Q&A City Council member Matthew Goodman

Micaela Cashman

Q: As a business owner, what do you think of the proposed LANE4 changes?

I think that the project could do a lot of cool things for Campustown on its own. I think overall it’s a good thing, and it has the potential to bring a lot of amenities to the area that we don’t have, and that will diversify the area.

Q: As strictly a City Council member, does your opinion on the LANE4 project change at all?

It’s going to depend on the willingness of existing businesses and property owners to be involved in the process. There’s going to need to be a respect for those business owners throughout the process for this to work.

I won’t be voting on this issue because I have too much interest in the monetary issues, but there is going to need to be a great balance between the good they want to accomplish with the pains it might cause. If there’s a business that has to close down and relocate, there’s got to be a great deal of benefit coming from that and the project.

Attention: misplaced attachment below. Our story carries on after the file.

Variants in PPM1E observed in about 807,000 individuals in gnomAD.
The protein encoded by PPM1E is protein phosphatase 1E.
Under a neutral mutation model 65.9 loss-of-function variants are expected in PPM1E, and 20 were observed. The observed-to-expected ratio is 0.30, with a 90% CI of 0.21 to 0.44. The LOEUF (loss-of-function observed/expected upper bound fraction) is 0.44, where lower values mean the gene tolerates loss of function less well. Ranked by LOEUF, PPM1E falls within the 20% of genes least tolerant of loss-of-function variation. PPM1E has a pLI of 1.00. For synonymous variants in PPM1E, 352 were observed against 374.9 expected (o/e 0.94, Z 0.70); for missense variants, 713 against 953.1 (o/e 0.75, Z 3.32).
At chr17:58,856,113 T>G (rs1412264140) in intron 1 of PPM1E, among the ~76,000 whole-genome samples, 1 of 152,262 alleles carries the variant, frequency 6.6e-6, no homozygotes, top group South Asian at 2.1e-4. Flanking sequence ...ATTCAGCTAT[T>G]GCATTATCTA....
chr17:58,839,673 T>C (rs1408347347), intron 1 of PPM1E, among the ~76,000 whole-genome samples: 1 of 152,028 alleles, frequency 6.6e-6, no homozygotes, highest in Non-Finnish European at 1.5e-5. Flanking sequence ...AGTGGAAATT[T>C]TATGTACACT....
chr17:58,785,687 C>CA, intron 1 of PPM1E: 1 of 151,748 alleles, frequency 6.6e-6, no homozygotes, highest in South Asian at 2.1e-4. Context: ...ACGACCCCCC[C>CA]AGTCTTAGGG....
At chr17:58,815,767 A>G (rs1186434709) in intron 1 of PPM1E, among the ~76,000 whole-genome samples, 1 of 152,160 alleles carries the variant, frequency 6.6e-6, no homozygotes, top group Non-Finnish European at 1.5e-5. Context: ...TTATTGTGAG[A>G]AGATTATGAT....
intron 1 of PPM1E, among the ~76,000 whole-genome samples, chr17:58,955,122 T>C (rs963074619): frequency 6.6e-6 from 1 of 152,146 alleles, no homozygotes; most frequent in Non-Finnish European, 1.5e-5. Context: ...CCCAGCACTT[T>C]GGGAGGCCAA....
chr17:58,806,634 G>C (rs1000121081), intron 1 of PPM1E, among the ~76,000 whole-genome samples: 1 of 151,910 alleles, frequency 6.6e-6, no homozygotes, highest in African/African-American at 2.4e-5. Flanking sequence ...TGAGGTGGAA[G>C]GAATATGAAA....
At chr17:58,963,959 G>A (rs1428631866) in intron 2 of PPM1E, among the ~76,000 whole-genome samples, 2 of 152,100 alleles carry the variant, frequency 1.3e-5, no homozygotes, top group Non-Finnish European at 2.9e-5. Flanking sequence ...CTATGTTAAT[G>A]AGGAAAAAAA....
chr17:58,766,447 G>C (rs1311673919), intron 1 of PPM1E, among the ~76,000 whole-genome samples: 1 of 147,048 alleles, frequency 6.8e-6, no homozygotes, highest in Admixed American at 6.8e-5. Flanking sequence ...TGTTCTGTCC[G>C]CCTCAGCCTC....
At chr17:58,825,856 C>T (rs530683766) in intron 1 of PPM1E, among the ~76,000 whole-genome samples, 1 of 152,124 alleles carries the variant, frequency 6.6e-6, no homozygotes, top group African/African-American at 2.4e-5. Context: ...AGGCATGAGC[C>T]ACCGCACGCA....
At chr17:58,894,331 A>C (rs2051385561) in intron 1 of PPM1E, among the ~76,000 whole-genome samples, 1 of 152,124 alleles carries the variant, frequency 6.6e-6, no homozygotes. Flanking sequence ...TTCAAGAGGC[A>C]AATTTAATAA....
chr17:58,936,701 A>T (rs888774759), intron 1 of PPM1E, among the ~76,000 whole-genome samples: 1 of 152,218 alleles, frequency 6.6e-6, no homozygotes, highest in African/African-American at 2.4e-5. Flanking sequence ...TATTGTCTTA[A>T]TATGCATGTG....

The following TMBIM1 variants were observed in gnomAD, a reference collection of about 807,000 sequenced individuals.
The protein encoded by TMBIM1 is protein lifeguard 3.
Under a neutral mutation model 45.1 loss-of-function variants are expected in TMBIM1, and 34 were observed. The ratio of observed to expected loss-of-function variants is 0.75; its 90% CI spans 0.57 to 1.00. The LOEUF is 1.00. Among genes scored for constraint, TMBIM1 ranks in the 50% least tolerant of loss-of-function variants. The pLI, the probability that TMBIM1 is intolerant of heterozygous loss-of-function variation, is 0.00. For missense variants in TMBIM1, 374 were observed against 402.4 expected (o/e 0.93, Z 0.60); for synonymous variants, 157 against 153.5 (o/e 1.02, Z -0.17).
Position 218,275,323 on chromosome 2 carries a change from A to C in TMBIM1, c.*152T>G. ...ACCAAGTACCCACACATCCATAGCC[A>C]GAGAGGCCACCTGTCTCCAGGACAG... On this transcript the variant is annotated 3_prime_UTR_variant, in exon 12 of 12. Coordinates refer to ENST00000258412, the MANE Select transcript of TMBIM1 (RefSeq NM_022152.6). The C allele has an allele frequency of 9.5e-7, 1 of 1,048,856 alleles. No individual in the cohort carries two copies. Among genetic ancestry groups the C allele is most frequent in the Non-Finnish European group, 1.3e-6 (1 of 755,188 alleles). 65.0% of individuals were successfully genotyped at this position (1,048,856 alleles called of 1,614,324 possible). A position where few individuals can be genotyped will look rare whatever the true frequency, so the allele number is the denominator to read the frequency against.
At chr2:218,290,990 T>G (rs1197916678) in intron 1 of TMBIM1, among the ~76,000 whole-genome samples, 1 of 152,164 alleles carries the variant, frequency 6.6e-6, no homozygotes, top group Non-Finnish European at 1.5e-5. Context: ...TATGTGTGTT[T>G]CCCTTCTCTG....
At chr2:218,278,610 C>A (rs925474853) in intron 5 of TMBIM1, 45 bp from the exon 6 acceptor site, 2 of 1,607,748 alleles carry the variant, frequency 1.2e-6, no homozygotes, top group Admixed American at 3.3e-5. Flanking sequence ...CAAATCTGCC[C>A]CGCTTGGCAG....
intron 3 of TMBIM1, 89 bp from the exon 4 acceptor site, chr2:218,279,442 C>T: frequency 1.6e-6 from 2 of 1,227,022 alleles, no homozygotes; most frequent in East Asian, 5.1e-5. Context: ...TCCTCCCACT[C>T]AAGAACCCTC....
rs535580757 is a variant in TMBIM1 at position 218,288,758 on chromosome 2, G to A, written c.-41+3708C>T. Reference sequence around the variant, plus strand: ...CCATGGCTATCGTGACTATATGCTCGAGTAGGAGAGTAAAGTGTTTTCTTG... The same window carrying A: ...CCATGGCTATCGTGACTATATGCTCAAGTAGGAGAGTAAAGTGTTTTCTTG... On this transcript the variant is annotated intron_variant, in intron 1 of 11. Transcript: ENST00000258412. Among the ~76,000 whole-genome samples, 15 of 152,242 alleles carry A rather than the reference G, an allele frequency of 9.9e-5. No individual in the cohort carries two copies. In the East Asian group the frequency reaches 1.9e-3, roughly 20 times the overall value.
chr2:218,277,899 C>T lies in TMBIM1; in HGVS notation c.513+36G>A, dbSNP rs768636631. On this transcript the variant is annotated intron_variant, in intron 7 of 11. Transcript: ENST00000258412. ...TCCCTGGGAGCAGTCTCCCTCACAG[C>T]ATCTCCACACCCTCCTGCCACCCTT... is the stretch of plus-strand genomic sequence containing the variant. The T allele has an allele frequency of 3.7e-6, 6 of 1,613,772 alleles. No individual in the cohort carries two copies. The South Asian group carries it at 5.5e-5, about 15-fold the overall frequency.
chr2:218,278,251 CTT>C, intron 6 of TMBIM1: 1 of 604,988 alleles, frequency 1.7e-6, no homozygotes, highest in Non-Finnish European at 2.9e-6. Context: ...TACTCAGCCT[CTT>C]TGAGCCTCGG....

Q: How closely has the City Council been working with LANE4?

We’ve been listening to a couple of presentations. They did one a while ago and one in the fall. That time they came with some blocks of property they were looking at and the potential kinds of businesses, like a hotel and a pharmacy, they could bring in.

Q: How long has the City Council been considering making these changes in Campustown?

Revitalization of Campustown was made a goal in January 2010. I think then the rest of that spring the university talked with the city manager [Steve Schainker] and designed an RFP [Request For Proposal]. Then we went through the process of looking over submissions from all these companies that said, ‘Oh, we could do this,’ or, ‘We could do that.'” And out of that we chose LANE4.

The idea to remodel Campustown had been around for a long time, and the city council sought a partner in Iowa State.

Q: You moved to Campustown [from your Fighting Burrito Lincoln Way location] just this past summer. Why did you want to move here, and do you plan to stay?

I moved here because I love Campustown. I love Welch Avenue. I’m closer to the businesses so I can attract more customers. I guess it’s a financial and emotional tie I have to it.